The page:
Will Government Bail Out Chili Mac?

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Tomorrow,
After Lunch
– The epic nationalization of mortgage giants
Fannie Mae and Freddie Mac is expected to cost taxpayers "between
$50 billion and $500 billion" or more, say economists abandoning
pocket calculators for a dartboard.

Next, Lehman
Brothers sold the cow for a handful of magic beans and were allowed
to collapse. But it is an election year, government’s heels are
rounder than usual, so it may not be the end of the bailouts.

Both presidential
candidates have responded dynamically by adopting a concerned, mature,
"I’ve got gas" expression as though they are auditioning
for Alka Seltzer ads, then saying that somebody needs to do, um,
something.

Republican
John McCain – standing for smaller government, paying debts and
rugged individualism – won’t admit that the supposed remedy for
Fannie Mae and Freddie Mac is pure socialism, as found in those
goofy little Third World countries whose legislatures vote to repeal
the law of gravity, and earn most of their Gross National Product
by selling postage stamps to collectors.

For Democrat
Barack Obama, who has never seen a problem that cannot be solved
by borrowing your Visa card, blowing a few hundred billion is probably,
well, necessary. Change we need – ? because all the folding money
is going to Washington.

Meanwhile,
none of the candidates has dared to speak out on another crisis:
Chili Mac.

Tens of millions
of Americans are dependent upon Chili Mac, federally-subsidized
sustenance provided through ground beef, tomato sauce, chili powder
and macaroni. Kidney beans are optional. As its advocates explain,
Chili Mac is the staff of life for America’s school children and
prisoners, each a captive audience given little choice of menu.

Chili Mac is
also essential to the lives of many unemployed and elderly who,
thanks to national economic decline spurred by Washington, can no
longer afford Alpo or the cheaper but crunchier, dried pet foods
that are difficult to chew with dentures.

"We had
to save the mortgage giants, and we are now bailing out banks that
made foolish decisions if they are large enough," says an anonymous
Treasury Department spokesman speaking from a disposable cell-phone.
"Next," he adds, "we may need to rescue the dumb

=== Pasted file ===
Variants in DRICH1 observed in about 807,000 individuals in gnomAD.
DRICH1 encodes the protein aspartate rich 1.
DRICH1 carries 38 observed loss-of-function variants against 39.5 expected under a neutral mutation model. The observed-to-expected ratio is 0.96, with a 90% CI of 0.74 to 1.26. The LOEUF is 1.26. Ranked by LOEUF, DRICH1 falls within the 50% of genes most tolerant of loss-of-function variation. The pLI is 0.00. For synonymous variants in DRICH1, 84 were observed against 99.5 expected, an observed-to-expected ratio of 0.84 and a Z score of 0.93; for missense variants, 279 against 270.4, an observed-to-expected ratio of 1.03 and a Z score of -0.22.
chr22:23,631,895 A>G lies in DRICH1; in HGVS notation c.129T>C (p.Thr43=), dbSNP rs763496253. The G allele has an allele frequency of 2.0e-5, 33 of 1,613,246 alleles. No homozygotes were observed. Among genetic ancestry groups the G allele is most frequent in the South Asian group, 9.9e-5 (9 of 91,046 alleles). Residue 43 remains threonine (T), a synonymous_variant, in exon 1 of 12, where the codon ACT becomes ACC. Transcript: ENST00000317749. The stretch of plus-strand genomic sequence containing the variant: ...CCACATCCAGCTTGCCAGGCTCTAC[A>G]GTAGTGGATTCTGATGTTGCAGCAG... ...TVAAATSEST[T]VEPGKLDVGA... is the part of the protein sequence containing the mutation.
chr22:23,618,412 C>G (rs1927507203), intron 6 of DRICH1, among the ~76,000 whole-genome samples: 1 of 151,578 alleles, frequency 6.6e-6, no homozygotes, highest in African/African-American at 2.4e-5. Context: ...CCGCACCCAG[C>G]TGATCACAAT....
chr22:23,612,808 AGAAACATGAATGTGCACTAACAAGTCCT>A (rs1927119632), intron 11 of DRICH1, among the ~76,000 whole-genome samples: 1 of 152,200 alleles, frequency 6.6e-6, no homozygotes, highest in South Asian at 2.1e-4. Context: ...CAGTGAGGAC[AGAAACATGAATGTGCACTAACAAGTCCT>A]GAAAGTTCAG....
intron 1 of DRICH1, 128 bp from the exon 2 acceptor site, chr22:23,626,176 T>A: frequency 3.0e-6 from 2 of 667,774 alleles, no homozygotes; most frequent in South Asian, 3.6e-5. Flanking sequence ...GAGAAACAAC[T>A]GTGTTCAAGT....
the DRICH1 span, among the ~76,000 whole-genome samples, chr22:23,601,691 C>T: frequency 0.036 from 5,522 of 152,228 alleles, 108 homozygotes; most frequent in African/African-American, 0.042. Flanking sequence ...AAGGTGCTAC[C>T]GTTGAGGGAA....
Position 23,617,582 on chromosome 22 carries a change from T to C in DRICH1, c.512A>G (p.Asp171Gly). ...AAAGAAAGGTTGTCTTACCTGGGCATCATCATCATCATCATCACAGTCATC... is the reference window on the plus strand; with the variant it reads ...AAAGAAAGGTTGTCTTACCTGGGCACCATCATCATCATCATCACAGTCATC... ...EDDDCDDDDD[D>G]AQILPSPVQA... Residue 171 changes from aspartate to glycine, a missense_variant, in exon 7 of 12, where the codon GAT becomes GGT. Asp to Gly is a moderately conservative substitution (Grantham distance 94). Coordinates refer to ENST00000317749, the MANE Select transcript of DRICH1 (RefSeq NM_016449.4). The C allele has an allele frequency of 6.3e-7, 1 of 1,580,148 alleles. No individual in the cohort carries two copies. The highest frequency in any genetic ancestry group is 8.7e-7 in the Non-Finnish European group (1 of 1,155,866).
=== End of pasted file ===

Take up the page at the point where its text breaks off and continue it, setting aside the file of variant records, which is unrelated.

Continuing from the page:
little investment companies that bought into the dumb big investment
companies, then Chili Mac, the closely-related Tuna Mac, then other
foodstuffs, florists, footwear, fancy ladies and other essential
sectors.

"Despite
Lehman, we have a precedent for bailouts," the Treasury expert
continued. "Senator Obama promised a thousand-dollar check
to every living American organism of Class Mammalia or higher. But
President Bush started it with so-called tax rebates, where government
took your money, deducted a big whack for administrative costs,
went out for a few $300 lunches, and then gave some back."

There is talk
on Capitol Hill of an additional federal bailout for Sallie Mae,
shorthand for Sally Mae Hergesheimer of Scranton, PA: a postal worker
who maxed out her credit cards buying a second-hand, double-wide
mobile home and a holiday in Cancun with her boyfriend, Luke, who
subsequently dumped her. There are said to be dozens of Americans
in similar economic kimchi, possibly 200 million of them.

"It is
very simple," the expert explains. "Government, business
and individuals risk being paralyzed by debt. So we need to keep
borrowing until the debt goes away."

This begs the
question of why stop there? Why not just write enough government
checks to make everyone as rich as Paris Hilton?

"We have
not ruled it out," the Treasury expert concluded. Miss Hilton
was unavailable for comment.

Reprinted from The DC
Examiner
with permission.

September
20, 2008

S.J. Masty
[send him mail], a former
Washington speechwriter, is an international communication consultant
based in London. He is a contributor to the Examiner newspaper group.

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